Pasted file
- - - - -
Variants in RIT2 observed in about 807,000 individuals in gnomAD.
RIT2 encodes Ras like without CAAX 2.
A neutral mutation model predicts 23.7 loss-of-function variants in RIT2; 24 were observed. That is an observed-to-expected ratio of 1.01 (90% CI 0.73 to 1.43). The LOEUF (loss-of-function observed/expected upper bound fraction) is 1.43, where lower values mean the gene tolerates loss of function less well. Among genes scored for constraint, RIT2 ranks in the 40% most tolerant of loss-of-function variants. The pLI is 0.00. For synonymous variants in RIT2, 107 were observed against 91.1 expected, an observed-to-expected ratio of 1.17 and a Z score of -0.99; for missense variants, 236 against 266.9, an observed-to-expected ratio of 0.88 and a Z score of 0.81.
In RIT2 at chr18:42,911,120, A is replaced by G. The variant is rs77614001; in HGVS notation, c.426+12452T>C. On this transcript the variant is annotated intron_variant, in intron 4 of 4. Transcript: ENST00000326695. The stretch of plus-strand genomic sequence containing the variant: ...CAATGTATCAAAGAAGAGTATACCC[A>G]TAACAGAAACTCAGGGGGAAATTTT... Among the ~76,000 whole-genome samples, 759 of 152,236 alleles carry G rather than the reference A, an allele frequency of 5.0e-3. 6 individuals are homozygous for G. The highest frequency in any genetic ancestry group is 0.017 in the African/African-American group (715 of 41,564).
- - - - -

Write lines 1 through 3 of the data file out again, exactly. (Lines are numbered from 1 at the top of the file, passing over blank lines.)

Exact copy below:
Variants in RIT2 observed in about 807,000 individuals in gnomAD.
RIT2 encodes Ras like without CAAX 2.
A neutral mutation model predicts 23.7 loss-of-function variants in RIT2; 24 were observed. That is an observed-to-expected ratio of 1.01 (90% CI 0.73 to 1.43). The LOEUF (loss-of-function observed/expected upper bound fraction) is 1.43, where lower values mean the gene tolerates loss of function less well. Among genes scored for constraint, RIT2 ranks in the 40% most tolerant of loss-of-function variants. The pLI is 0.00. For synonymous variants in RIT2, 107 were observed against 91.1 expected, an observed-to-expected ratio of 1.17 and a Z score of -0.99; for missense variants, 236 against 266.9, an observed-to-expected ratio of 0.88 and a Z score of 0.81.